But For the Grace: Age 20
I mentioned to a friend the other day that it feels, in some ways, as if I haven’t been a “teenager” since I was fourteen. That obviously is a joke, because I certainly have been living in the “teen years” for some time now – and what an adventure it has been!
When I soak in the last few words in a good book, breathe a deep sigh, and fold the book together, I can’t help but think of the transition of one year to another, particularly today.
Light A Candle
There’s something about seeing men in chains or behind bars that stirs you.
It happened to John too.
In the 1500s, John Bradford watched a criminal being led out to be executed. He turned to those around him and said, “But for the grace of God there goes John Bradford.” That phrase was altered slightly to the present day saying, “There, but for the grace of God, go I.”
John Bradford was a very religious man, known as “Holy Bradford” by all those around him and as a zealous preacher of the gospel. Eventually, he was arrested during the reign of Mary Tudor and placed in a cell with Thomas Cranmer, Nicholas Ridley and Hugh Latimer. Latimer would be burned at the stake with Ridley, crying out as they were burned, “We shall this day light such a candle by God’s grace in England as, I trust, shall never be put out!”
Bradford too would ultimately go to the stake, along with a fellow 19-year-old martyr, John Leaf. He would turn to his young friend and say “Be of good comfort brother; for we shall have a merry supper with the Lord this night!”
Was God’s grace still at work in Bradford’s time of death, just as it had been when he had witnessed a guilty man’s execution? 
When Bradford looked at the criminal, he saw a lost and broken man. And he looked at his own life and the time that he had lived like that criminal. What he saw there was grace. He may have been thinking of Paul’s words in 1 Timothy 1:15 (NIV), “Here is a trustworthy saying that deserves full acceptance: Christ Jesus came into the world to save sinners — of whom I am the worst.”
We must be saying the same, and understanding as did Bradford, thankfulness stems from humbly seeing God’s grace in our lives.
For me, it looks like this.
My days are filled with college classes, homework, job, eating, working out, church, and more homework. Because of the busyness of life, I rarely stop and look around me, just standing in awe at what God is doing in my life. It’s easy for me to miss what has been called “evidences of grace” in my life. Pastor C.J. Mahaney points out that “most people are more aware of the absence of God than the presence of God. Most people are more aware of the presence of sin than evidences of grace.”
Basically, it’s completely missing what God is doing in my life. If I’m a Christian — and I am — God is working. I need to stop and take a look at what He’s done and what He is doing — evidences of grace. My focus cannot be primarily on the presence of sin in my life; if it is, I may slip into depression, anxiety and fear.
I must humbly seek grace in my life.
Burned At the Stake
I’m not sure if you noticed, but this Bradford fellow was burned at the stake for preaching the gospel. I certainly haven’t been bold enough to have people wanting to burn me at the stake. In fact, when I see [weird people] out there in the world, I tend to avoid them. I stay away from the bad crowd or those who are different from me. Men like Bradford went to all people, just as Jesus has commanded us. He did not stop at “but for the grace of God goes John Bradford.” He did all he could to take his name out of that statement and insert a new name wherever and whenever he could.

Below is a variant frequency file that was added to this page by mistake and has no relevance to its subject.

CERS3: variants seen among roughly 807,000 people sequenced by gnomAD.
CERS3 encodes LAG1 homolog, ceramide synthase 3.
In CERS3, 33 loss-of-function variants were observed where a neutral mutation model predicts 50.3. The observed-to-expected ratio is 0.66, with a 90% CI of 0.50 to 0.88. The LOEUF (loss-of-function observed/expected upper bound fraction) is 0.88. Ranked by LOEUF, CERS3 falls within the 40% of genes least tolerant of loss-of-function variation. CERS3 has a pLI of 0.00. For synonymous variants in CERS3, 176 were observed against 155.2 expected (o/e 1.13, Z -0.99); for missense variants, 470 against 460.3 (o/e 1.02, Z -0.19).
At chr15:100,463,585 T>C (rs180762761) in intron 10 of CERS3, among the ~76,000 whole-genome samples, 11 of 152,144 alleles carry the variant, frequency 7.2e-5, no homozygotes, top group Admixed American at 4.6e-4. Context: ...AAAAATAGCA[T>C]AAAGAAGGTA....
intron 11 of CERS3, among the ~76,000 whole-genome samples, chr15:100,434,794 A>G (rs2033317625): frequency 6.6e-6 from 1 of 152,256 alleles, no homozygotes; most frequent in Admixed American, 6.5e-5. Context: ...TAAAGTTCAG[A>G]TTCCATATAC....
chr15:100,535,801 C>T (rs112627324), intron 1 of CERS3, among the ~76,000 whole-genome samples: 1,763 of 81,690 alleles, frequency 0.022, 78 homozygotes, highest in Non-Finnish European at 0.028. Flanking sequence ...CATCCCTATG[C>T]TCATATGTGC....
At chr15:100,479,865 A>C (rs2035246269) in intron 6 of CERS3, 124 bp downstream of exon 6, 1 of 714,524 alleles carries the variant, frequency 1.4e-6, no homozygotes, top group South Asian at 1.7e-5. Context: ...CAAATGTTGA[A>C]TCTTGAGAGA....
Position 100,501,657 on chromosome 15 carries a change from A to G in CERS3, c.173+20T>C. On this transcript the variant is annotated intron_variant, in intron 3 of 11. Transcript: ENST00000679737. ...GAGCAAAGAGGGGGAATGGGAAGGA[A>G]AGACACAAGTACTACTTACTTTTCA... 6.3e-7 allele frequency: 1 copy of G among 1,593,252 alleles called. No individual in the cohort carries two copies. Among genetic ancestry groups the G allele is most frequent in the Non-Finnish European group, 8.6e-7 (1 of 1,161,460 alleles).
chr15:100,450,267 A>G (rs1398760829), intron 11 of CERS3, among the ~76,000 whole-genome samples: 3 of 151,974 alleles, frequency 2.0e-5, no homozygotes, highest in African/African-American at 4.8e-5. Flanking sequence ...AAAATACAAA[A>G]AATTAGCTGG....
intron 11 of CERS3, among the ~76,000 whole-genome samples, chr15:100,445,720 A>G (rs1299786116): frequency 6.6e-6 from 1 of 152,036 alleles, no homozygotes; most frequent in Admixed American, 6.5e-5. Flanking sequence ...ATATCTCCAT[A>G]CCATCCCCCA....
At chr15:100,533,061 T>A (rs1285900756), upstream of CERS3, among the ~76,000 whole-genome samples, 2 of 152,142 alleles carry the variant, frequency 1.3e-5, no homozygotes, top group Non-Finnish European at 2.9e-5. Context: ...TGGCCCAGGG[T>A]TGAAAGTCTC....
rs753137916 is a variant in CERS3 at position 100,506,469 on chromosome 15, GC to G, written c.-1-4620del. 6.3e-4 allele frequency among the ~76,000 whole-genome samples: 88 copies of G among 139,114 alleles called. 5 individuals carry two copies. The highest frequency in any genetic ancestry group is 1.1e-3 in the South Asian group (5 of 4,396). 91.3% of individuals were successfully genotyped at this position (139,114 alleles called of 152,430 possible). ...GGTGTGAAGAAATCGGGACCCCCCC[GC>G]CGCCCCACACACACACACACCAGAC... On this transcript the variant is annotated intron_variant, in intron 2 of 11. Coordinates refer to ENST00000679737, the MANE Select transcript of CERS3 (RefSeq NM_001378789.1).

I can do nothing less.
It’s not easy. I’m not Jim Elliot, writing that “he is no fool who gives what he cannot keep to gain that which he cannot lose.” Sometimes, I fear seeking out people with whom to share God’s grace. I want to keep what I cannot keep (my life), instead of gaining eternal blessings in heaven. It is brutally clear to me how far I need to go in the area of sharing the grace that God is giving me in my life. It’s easy to sit around, basking in the grace of God, and to selfishly keep it to ourselves.
I can’t convince anyone to go out and start sharing the gospel. If God is truly working in your life, you will desire to be doing that. Don’t stop at getting off the streets — go back to the streets to share the good news.
But For the Grace
I found this wonderful old hymn by Haldor Lillenas that so beautifully speaks of this grace. It goes like this.
Wonderful grace of Jesus, greater than all my sin;
How shall my tongue describe it, where shall its praise begin?
Taking away my burden, setting my spirit free,
For the wonderful grace of Jesus reaches me!
Wonderful grace of Jesus, reaching to all the lost,
By it I have been pardoned, saved to the uttermost;
Chains have been torn asunder, giving me liberty,
For the wonderful grace of Jesus reaches me!
I hope that we can be people who, like Bradford, look out, and exclaim, “But for the grace of God go I,” see the evidences of grace in our lives, and then go out to share this gospel, so that many more can say with us, “But for the grace of God go I.”
Wonderful grace of Jesus, reaching the most defiled,
By its transforming power, making him God’s dear child.
Purchasing peace and heaven for all eternity;
And the wonderful grace of Jesus reaches me! 
So, I’m softly closing the pages of a wonderful book and gently lifting the first page of a new book, and by the grace of God it will be as the last seven years, full of even more grace and truth. I want to resolve to be overflowing with grace – so overflowing that I cannot help but share it. I want to resolve to grow in humility. I want to resolve to knowing God more. I want to resolve to spend my life sharing the gospel.
I can’t wait to read this new book.
 “But For the Grace,” http://www.boundless.org/2005/articles/a0001907.cfm.